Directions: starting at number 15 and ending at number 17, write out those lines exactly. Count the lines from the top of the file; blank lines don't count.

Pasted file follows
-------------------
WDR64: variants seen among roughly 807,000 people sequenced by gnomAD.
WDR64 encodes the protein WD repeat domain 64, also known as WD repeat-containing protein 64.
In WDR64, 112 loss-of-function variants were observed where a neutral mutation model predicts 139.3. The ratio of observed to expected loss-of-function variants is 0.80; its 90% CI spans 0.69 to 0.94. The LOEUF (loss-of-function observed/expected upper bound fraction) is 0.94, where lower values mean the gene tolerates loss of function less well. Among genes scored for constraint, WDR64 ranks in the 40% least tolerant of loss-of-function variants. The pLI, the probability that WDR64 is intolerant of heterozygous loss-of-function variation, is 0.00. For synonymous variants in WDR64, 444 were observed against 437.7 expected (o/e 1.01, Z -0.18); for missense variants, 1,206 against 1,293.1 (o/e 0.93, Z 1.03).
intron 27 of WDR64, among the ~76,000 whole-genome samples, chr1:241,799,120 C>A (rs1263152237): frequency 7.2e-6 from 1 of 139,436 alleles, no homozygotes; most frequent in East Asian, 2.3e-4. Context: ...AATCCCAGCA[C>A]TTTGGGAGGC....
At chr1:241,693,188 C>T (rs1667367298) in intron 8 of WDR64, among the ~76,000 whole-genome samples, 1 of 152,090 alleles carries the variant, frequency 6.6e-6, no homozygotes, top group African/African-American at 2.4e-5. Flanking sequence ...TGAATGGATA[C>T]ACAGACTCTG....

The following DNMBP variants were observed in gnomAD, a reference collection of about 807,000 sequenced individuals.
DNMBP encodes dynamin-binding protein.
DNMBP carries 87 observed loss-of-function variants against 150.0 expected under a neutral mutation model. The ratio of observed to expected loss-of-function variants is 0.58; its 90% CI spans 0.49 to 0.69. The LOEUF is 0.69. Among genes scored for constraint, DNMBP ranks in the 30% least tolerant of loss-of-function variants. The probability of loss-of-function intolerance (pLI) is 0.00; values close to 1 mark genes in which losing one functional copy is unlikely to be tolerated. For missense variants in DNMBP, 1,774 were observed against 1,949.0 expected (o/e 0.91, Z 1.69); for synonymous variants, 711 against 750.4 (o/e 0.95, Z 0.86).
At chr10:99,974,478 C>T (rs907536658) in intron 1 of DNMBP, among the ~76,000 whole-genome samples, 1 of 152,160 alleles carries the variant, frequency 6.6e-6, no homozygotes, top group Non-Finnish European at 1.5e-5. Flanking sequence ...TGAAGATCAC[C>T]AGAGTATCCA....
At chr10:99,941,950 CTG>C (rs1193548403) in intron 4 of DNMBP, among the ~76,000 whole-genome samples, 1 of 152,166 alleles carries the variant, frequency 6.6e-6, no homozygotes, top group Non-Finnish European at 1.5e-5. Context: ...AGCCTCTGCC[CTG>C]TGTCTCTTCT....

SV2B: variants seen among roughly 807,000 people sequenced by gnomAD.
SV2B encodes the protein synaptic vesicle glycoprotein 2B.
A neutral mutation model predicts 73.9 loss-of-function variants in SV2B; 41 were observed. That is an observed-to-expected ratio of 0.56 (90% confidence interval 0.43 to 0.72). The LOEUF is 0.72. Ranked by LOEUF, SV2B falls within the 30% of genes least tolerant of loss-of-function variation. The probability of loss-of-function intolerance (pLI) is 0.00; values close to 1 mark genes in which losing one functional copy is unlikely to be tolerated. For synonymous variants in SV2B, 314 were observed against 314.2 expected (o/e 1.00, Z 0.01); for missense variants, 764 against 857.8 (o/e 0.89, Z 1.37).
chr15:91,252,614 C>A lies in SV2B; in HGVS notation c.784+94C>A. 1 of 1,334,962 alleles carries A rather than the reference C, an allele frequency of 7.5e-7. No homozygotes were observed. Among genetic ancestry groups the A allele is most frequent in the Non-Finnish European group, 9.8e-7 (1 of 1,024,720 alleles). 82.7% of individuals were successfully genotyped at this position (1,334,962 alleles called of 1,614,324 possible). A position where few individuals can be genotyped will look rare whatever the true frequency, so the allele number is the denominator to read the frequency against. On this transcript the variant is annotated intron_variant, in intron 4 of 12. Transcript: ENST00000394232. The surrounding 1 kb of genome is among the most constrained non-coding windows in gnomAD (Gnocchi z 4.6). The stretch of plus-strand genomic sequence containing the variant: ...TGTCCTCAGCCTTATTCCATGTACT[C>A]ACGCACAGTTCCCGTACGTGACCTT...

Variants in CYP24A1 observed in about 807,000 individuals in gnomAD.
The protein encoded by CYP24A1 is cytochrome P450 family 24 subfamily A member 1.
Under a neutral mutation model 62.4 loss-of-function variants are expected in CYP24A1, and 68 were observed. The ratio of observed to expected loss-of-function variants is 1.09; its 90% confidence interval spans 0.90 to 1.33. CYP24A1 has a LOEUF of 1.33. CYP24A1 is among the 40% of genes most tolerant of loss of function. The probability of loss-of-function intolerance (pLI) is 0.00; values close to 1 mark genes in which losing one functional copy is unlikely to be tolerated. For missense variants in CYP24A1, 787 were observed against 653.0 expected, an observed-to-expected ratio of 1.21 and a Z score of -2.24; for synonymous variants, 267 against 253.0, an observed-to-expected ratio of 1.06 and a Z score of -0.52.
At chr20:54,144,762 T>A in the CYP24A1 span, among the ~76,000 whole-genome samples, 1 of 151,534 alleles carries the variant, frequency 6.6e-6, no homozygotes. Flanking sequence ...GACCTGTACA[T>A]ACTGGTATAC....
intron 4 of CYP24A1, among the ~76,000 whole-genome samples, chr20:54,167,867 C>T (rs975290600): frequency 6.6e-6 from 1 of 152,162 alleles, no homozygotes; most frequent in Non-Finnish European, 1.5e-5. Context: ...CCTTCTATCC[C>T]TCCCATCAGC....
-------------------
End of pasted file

Variants in CYP24A1 observed in about 807,000 individuals in gnomAD.
The protein encoded by CYP24A1 is cytochrome P450 family 24 subfamily A member 1.
Under a neutral mutation model 62.4 loss-of-function variants are expected in CYP24A1, and 68 were observed. The ratio of observed to expected loss-of-function variants is 1.09; its 90% confidence interval spans 0.90 to 1.33. CYP24A1 has a LOEUF of 1.33. CYP24A1 is among the 40% of genes most tolerant of loss of function. The probability of loss-of-function intolerance (pLI) is 0.00; values close to 1 mark genes in which losing one functional copy is unlikely to be tolerated. For missense variants in CYP24A1, 787 were observed against 653.0 expected, an observed-to-expected ratio of 1.21 and a Z score of -2.24; for synonymous variants, 267 against 253.0, an observed-to-expected ratio of 1.06 and a Z score of -0.52.